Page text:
Information of the stable isotope compositions of oxygen and hydrogen in water samples can be used in a variety of problems, and the typical isotopic fingerprints that different processes and reactions leave on the water are advantageous in tracing the evolution and sources of the water. For example, the distinct temperature-dependent fractionation is useful in studying seasonal and annual changes or past climate conditions. The method is also suitable in tracking geographical and spatial changes in precipitation, and in determining the origin of the water. In addition, the usage of oxygen and hydrogen isotopes has applications in groundwater-surface water interaction studies, and with similar isotope compositions possible hydraulic connections can also be found. In some cases the stable isotopes of oxygen and hydrogen in water can be used as a tracer, but this requires a sufficient difference in the isotope compositions of the ambient and tracer water, and also sufficient mixing ratios. Although the current analyzing methods are quite sensitive, the method itself is not adequately sensitive to trace minor changes in the isotope composition, for example due to low mixing ratio. This is a reason why this method would be most advantageous when used together with other geochemical analyzes.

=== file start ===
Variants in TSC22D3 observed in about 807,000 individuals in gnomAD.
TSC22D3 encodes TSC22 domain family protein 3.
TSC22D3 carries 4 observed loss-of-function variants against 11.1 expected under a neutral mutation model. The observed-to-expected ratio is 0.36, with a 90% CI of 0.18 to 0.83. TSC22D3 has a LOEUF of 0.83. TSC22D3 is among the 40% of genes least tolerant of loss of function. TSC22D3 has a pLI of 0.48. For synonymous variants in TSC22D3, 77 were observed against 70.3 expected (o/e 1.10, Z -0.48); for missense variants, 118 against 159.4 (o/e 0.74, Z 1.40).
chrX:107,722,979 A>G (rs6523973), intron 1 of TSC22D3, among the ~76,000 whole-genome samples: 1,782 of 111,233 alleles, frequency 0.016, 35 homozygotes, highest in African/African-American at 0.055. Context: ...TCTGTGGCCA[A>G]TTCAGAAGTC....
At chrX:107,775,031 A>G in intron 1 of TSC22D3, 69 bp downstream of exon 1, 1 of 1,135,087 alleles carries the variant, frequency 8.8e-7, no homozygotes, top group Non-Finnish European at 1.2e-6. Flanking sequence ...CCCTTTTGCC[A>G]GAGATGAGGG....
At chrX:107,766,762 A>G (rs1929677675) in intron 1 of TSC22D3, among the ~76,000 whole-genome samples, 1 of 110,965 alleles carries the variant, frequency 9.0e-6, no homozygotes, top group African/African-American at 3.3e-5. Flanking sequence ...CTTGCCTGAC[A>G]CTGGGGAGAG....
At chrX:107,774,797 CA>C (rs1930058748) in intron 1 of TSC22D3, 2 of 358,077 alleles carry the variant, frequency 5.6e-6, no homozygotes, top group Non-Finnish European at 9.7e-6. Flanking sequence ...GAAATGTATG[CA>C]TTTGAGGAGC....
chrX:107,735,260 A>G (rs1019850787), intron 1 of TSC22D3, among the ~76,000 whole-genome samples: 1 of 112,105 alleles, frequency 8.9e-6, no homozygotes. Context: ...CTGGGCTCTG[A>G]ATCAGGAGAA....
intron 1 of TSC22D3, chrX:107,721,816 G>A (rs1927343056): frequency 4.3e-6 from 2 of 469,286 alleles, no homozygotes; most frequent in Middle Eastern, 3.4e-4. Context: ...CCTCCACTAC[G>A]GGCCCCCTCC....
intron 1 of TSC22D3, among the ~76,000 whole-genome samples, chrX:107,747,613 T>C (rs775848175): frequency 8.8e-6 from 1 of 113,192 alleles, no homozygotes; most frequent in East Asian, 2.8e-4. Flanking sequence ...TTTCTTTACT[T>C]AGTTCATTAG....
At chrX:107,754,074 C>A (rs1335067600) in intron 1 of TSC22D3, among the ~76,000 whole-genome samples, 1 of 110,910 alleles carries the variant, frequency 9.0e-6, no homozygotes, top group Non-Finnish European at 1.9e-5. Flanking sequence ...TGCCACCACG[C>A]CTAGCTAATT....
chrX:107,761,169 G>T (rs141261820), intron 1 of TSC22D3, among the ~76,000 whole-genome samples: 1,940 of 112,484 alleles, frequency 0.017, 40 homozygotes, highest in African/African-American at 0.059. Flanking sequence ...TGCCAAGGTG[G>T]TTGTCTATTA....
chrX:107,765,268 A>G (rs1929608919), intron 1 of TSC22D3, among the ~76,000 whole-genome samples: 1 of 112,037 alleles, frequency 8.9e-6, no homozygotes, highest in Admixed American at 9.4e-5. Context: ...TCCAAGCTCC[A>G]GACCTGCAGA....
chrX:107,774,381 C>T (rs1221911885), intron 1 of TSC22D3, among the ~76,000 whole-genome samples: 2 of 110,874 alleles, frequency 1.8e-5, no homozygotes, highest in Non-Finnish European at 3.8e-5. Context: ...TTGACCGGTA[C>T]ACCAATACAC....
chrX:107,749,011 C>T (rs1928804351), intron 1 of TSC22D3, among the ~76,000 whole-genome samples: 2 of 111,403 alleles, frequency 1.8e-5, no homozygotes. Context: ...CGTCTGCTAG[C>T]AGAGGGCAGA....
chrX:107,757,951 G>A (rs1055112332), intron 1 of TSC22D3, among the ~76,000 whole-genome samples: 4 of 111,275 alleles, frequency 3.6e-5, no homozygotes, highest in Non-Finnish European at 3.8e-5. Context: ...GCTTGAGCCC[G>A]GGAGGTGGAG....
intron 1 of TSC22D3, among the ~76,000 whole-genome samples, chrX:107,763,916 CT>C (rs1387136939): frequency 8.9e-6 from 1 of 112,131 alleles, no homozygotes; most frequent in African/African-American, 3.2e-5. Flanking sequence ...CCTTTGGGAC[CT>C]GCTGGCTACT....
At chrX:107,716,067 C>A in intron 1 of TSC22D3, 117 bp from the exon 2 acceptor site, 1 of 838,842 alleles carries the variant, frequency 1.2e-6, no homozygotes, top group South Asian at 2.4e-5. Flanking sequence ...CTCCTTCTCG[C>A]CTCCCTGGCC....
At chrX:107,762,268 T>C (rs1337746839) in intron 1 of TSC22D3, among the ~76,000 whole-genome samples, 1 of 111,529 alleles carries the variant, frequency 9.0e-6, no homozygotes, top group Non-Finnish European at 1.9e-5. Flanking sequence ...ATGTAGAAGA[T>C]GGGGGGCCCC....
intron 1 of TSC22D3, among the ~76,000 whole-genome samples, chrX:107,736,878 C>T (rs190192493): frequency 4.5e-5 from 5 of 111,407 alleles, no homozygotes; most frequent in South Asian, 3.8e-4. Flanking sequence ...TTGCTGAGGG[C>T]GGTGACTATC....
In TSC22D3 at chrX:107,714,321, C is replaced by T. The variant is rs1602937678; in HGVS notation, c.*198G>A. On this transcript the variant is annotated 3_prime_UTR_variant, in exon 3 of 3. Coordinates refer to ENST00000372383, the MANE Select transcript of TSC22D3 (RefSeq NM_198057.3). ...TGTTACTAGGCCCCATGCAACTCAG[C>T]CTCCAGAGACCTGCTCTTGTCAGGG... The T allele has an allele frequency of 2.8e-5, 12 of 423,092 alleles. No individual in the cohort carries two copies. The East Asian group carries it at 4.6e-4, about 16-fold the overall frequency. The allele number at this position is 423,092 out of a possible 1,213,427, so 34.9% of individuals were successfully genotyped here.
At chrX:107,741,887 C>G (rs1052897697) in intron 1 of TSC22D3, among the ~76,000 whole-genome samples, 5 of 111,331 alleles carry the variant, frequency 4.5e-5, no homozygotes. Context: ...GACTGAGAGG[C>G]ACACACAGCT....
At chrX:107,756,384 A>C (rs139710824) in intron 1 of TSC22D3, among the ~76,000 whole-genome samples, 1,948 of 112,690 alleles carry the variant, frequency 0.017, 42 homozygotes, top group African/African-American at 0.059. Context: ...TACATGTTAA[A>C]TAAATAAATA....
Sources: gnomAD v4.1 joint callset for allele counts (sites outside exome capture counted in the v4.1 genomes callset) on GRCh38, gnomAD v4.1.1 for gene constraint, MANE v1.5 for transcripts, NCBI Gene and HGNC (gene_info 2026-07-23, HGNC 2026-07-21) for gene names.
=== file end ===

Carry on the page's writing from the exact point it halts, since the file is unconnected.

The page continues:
A case study on the use of H and O stable isotopes in recognition of preferable groundwater flow paths in bedrock fracture zones is presented in the Closedure  pages: